Dr. Robert Bullard is known as “The Father of Environmental Justice,” due to his decades of work advocating for people in frontline communities who have long advocated and acted against pollution and environmental injustice. He serves as Distinguished Professor of Urban Planning and Environmental Policy and Director of the Bullard Center for Environmental and Climate Justice at Texas Southern University, where he formerly served as Dean of the Barbara Jordan-Mickey Leland School of Public Affairs (2011–2016). Before coming to Texas Southern University, Bullard worked as founding Director of the Environmental Justice Resource Center at Clark Atlanta University. He is the award-winning author of 18 books that address problems and solutions to environmental injustice, pollution, and the climate crisis. He is co-founder of the Historically Black Colleges and Universities Climate Change Consortium, launched in 2011 with Dr. Beverly Wright of the Deep South Center for Environmental Justice. He serves on the White House Environmental Justice Advisory Council. Dr. Bullard has earned much recognition and numerous awards for his impactful work advancing environmental justice, including the AASHE’s 2022 Lifetime Achievement Award.
3. Concerned Citizens of St. John
Concerned Citizens of St. John is an environmental justice organization based in St. John the Baptist Parish, Louisiana, focused on ensuring the health and safety of residents while holding government officials and industries accountable for the unjust pollution burdening their community. Their advocacy and action has prompted research and further investigation by the U.S. Environmental Protection Agency, Louisiana Department of Environmental Quality, and Louisiana Environmental Action Network. Concerned Citizens of St. John has collected extensive video and other valuable testimony from residents who face the serious consequences of industrial pollution, including harm to their physical and emotional health, risk of serious accidents, and diminished quality of life, shedding much-needed light on the environmental injustices they face—and action they are taking to bring forth solutions. UPDATE: On February 28, 2023, following the community’s actions, the U.S. Department of Justice (on behalf of the EPA) filed a complaint toward Denka Performance Elastomer’s neoprene plastic facility as allegedly violating the Clean Air Act, presenting an “imminent and substantial endangerment to public health and welfare due to the cancer risks from Denka’s chloroprene emissions.”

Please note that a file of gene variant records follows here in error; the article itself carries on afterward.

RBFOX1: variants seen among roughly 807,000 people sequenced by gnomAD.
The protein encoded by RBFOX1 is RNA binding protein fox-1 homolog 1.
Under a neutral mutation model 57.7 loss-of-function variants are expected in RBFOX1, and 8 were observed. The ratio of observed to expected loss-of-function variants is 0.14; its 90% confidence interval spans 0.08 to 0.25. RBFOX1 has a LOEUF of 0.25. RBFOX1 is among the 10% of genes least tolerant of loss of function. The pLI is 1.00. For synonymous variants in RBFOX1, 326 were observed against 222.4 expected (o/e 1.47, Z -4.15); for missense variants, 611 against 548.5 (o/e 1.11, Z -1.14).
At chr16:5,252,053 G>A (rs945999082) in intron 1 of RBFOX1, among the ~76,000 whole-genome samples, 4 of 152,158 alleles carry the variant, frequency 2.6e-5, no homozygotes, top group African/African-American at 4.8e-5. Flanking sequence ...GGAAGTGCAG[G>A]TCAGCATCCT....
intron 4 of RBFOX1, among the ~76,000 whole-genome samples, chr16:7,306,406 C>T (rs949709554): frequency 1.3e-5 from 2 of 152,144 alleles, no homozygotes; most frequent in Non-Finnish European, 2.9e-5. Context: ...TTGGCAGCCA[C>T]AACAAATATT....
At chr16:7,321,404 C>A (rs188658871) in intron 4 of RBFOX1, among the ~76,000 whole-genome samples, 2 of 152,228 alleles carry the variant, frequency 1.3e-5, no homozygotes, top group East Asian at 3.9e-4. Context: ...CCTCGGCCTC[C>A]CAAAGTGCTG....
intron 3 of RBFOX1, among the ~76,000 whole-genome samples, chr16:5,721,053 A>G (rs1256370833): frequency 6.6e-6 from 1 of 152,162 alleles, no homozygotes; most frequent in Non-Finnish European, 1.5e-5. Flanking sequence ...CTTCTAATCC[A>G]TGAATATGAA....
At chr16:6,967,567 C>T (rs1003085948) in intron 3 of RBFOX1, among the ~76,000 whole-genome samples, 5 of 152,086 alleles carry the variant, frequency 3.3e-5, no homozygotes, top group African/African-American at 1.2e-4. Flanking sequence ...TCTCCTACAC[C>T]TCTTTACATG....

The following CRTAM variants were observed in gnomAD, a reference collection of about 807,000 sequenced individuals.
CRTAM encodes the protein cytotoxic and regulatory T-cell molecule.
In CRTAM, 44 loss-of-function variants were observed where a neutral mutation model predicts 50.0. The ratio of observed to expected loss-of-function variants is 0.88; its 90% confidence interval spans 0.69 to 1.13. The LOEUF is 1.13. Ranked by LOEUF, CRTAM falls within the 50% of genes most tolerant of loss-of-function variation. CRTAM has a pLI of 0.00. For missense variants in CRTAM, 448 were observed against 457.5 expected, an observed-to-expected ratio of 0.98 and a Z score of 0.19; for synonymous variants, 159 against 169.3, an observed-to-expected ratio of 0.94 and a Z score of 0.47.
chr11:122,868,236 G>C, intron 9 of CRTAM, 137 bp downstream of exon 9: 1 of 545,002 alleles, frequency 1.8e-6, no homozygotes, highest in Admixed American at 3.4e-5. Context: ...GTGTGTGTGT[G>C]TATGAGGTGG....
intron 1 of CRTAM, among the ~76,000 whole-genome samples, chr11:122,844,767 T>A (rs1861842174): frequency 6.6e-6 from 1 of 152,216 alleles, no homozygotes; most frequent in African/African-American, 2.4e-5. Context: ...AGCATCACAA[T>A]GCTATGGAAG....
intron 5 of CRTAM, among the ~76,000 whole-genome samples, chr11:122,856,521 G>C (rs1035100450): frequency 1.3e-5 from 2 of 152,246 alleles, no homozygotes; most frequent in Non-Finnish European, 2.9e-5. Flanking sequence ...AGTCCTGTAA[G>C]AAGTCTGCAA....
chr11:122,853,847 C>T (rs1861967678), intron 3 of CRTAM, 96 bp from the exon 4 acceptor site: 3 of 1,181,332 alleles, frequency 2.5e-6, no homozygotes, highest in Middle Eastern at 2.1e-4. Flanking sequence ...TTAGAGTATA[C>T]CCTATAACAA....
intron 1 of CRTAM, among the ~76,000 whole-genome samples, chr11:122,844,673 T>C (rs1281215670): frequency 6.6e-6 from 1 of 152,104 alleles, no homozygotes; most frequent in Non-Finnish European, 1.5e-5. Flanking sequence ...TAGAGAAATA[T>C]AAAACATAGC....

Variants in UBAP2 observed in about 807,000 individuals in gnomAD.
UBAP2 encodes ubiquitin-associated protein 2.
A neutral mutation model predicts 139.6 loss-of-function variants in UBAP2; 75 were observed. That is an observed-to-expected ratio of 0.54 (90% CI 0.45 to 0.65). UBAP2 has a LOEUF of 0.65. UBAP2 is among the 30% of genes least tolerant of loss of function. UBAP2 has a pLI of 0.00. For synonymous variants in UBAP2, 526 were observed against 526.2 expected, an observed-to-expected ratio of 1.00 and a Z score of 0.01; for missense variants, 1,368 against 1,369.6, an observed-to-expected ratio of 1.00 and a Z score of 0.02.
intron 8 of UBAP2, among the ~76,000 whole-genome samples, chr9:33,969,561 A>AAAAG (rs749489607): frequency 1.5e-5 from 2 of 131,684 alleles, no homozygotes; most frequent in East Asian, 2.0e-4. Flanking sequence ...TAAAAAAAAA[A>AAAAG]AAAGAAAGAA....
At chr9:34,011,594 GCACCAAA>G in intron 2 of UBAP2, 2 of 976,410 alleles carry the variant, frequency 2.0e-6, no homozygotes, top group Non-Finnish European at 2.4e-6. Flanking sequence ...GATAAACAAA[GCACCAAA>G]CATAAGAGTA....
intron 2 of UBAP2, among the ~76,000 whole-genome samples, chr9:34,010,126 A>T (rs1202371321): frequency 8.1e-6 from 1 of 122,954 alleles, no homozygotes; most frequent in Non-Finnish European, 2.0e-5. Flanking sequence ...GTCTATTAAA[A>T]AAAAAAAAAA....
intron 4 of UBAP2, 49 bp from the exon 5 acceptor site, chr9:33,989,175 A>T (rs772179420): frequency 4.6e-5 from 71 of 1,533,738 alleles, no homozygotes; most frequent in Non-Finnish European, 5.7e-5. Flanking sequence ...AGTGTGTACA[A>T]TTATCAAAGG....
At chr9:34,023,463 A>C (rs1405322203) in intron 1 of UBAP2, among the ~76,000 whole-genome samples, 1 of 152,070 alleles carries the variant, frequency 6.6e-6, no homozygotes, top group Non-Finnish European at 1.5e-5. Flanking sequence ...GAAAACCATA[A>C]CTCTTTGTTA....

4. Catherine Coleman Flowers (Center for Rural Enterprise and Environmental Justice, CREEJ)
Catherine Coleman Flowers is founding director of the Center for Rural Enterprise and Environmental Justice. She is an environmental and climate justice activist bringing attention to inadequate waste and water infrastructure in low-income rural communities in the United States, especially in her home state of Alabama. She is a speaker, and author of Waste: One Woman’s Fight Against America’s Dirty Secret, in which she sheds light on how systemic neglect has led to a lack of sanitation and clean water in Lowndes County, Alabama, a hotspot for environmental racism. Flowers is Vice Chair of the White House Environmental Justice Advisory Council. She serves as a board member of the Natural Resources Defense Council, The Climate Reality Project, Center for Constitutional Rights, and the American Geophysical Union. She has won numerous awards, including the 2020 MacArthur Fellow for Environmental Health Advocacy.